The walls of my corner of the studio are adorned with framed images featuring the work of some of my favorite artists, many of whom have influenced my work. Most are scanned from books and scaled or created to fit the desired size and look. The three top images feature Hergé, Winsor McCay, and Osamu Tezuka. Below them is one of my favorite Bauhaus posters.
Above, is an image of Joost Schmidt's famous Bauhaus Poster from 1923 I created using online sources. Any inaccuracies surely hurt the final image, however, it was my intention to produce an image that honored the original poster.
In addition to an airplane poster, given to us by our friend Kevin Mowrer, there are four (three shown) framed images featuring the work of some personal heroes from my college days. The art of Geof Darrow, Moebius (Jean Giraud), and Dave Stevens came into my life at approximately the same time, and I am fortunate to have been able to show my work to both Darrow and Stevens when I was a student. Both were very kind, and all three artists' work continues to be a source of inspiration.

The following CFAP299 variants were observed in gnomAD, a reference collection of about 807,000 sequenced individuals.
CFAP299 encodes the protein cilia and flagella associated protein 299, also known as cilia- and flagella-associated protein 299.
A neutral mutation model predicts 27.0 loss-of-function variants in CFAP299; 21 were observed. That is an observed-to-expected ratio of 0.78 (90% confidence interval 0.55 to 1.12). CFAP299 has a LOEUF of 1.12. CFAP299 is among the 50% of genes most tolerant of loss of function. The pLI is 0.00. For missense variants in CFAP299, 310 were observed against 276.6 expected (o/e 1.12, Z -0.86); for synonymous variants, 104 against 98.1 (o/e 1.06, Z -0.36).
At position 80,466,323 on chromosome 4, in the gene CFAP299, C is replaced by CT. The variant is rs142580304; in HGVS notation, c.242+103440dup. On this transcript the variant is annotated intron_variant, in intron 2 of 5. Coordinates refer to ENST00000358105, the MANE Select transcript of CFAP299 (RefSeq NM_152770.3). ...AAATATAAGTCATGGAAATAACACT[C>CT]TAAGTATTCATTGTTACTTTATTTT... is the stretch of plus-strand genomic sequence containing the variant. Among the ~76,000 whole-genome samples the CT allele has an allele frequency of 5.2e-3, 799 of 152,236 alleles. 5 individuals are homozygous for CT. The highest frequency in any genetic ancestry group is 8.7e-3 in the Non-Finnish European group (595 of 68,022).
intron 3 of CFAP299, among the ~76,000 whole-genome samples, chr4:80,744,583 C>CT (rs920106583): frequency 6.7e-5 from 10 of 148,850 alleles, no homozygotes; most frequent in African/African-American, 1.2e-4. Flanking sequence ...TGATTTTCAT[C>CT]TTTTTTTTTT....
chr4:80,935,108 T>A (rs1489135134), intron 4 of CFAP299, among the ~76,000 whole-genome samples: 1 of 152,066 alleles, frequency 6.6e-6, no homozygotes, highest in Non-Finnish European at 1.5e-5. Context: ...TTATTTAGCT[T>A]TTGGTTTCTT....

Lastly, is a photo of my continued work on the two casein paintings. The figure on the left is being reworked, and has lost some of its edges and weight that I hope to return in the final. I am in the process of painting an emaciated Bengal tiger in the lower right corner. I am exploring the idea of capping its fangs with bronze orbs that would prevent it from closing its's mouth all the way. It is one of many elements that will be added to the painting in coming weeks.
In the painting on the right, the creature that was initially inspired by a Thylacine (Tasmanian Tiger), but that ended up looking more like a greyhound, is being completely reworked. I am fascinated by the way in which the Thylacine was driven to extinction and the mythic quality of this carnivorous marsupial(it was one of only two marsupials to have pouches in both the male and female). It has come to encapsulate my thoughts on the shift away from paternalistic institutional thinking. I see the Thylacine as a powerful metaphor for one of many unrealized possibilities in the modern era.
The themes that are driving these paintings include everything from Orientalism and Imperialism to retro-futurism and identity. Both paintings are ongoing explorations.